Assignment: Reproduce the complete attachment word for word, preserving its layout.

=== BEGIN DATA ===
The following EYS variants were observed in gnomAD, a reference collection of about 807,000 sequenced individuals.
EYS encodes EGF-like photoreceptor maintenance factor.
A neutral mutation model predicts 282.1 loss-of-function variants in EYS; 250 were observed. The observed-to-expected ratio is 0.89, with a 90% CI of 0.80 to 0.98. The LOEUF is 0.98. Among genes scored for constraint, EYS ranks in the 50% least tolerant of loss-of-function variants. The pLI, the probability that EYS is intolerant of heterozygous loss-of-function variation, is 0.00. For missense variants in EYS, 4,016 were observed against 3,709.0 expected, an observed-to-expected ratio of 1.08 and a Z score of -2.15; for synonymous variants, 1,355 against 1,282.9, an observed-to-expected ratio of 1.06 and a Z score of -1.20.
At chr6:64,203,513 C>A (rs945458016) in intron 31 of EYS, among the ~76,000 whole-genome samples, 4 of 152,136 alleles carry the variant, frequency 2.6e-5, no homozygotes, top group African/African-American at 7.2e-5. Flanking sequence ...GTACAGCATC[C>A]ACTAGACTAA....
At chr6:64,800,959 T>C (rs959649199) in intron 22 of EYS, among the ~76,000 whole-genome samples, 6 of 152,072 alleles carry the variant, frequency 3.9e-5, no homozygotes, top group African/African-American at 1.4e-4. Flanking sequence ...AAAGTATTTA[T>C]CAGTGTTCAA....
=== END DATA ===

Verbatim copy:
The following EYS variants were observed in gnomAD, a reference collection of about 807,000 sequenced individuals.
EYS encodes EGF-like photoreceptor maintenance factor.
A neutral mutation model predicts 282.1 loss-of-function variants in EYS; 250 were observed. The observed-to-expected ratio is 0.89, with a 90% CI of 0.80 to 0.98. The LOEUF is 0.98. Among genes scored for constraint, EYS ranks in the 50% least tolerant of loss-of-function variants. The pLI, the probability that EYS is intolerant of heterozygous loss-of-function variation, is 0.00. For missense variants in EYS, 4,016 were observed against 3,709.0 expected, an observed-to-expected ratio of 1.08 and a Z score of -2.15; for synonymous variants, 1,355 against 1,282.9, an observed-to-expected ratio of 1.06 and a Z score of -1.20.
At chr6:64,203,513 C>A (rs945458016) in intron 31 of EYS, among the ~76,000 whole-genome samples, 4 of 152,136 alleles carry the variant, frequency 2.6e-5, no homozygotes, top group African/African-American at 7.2e-5. Flanking sequence ...GTACAGCATC[C>A]ACTAGACTAA....
At chr6:64,800,959 T>C (rs959649199) in intron 22 of EYS, among the ~76,000 whole-genome samples, 6 of 152,072 alleles carry the variant, frequency 3.9e-5, no homozygotes, top group African/African-American at 1.4e-4. Flanking sequence ...AAAGTATTTA[T>C]CAGTGTTCAA....